Every enterprise today is eager to seize the opportunities offered by smartphones and tablets to maximize the productivity of an increasingly mobile and distributed workforce. Consumer-focused mobile apps have shown the potential to use built-in features such as touch interfaces, cameras and voice recognition to collect and present information in novel and appealing ways.
There’s a paradox at the heart of how a modern business uses information technology. The better we become at automating much of what we do, the more frustrated we become at the daily workarounds that still defy automation and slow everything down. The successful expansion of business automation is bumping up against its limitations.
Over the last decade a new breed of digital company has quickened the tempo of business. Digital natives such as Spotify, AirBnB and Uber have delivered more convenient, responsive and engaging experiences for customers – and often disrupted entire industry business models while doing so.
Business IT has one job to do: make business work better. Too often, IT does the opposite, getting in the way, imposing rules and slowing down the flow of information. Working better means working more efficiently, adjusting fast to new challenges and competitive environments, making the best use of a business’ knowledge and brainpower.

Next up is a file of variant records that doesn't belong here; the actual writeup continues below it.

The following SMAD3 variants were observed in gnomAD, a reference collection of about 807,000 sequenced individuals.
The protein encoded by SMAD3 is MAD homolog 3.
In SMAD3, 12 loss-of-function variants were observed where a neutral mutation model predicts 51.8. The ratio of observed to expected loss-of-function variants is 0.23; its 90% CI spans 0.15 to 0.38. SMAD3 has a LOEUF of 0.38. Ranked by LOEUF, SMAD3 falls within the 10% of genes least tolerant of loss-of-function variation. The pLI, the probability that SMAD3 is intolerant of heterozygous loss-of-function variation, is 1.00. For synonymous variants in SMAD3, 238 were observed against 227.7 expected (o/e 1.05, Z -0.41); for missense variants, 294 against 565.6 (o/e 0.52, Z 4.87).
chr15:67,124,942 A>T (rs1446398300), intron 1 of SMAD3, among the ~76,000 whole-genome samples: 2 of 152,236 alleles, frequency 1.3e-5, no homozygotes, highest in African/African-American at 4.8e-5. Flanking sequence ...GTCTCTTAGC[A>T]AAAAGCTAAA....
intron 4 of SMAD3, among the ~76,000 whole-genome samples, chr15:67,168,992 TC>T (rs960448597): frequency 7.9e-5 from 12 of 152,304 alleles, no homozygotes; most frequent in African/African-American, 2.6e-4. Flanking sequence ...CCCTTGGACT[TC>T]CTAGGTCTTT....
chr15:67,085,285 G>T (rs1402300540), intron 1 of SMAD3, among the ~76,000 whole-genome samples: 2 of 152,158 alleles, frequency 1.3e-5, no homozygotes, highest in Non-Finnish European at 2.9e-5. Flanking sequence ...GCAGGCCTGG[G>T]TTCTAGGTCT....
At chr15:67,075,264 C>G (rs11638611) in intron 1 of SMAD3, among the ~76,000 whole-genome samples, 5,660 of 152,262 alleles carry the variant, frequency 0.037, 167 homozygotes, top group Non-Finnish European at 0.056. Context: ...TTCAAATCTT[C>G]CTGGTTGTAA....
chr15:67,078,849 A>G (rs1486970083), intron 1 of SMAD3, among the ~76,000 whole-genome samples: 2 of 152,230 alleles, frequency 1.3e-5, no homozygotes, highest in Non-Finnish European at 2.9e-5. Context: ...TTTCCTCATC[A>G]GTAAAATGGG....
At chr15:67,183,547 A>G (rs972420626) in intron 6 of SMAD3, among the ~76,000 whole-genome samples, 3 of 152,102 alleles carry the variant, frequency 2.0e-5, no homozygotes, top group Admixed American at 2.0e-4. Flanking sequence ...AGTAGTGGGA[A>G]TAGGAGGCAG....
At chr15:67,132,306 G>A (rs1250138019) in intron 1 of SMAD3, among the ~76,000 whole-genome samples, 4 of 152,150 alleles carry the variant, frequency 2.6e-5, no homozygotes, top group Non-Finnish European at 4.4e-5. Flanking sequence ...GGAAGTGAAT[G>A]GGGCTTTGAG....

Connectivity is the great disruptor. Whether it is the connectivity that containerization brought to physical supply chains or the connectivity that the Internet has brought to digital ones, the ability to reliably and scalably connect things literally transforms the way we think about the world.
Enterprise IT is undergoing fundamental and radical change. Organisations must move at digital speed to stay ahead of rivals and fend off competition from agile new start-ups. Employees want new ways of working and collaborating and customers demand a seamless connected experience.
Decades ago, “containerization” transformed the shipping industry and introduced globalization to physical supply chains. Could history repeat itself with digital and social supply chains?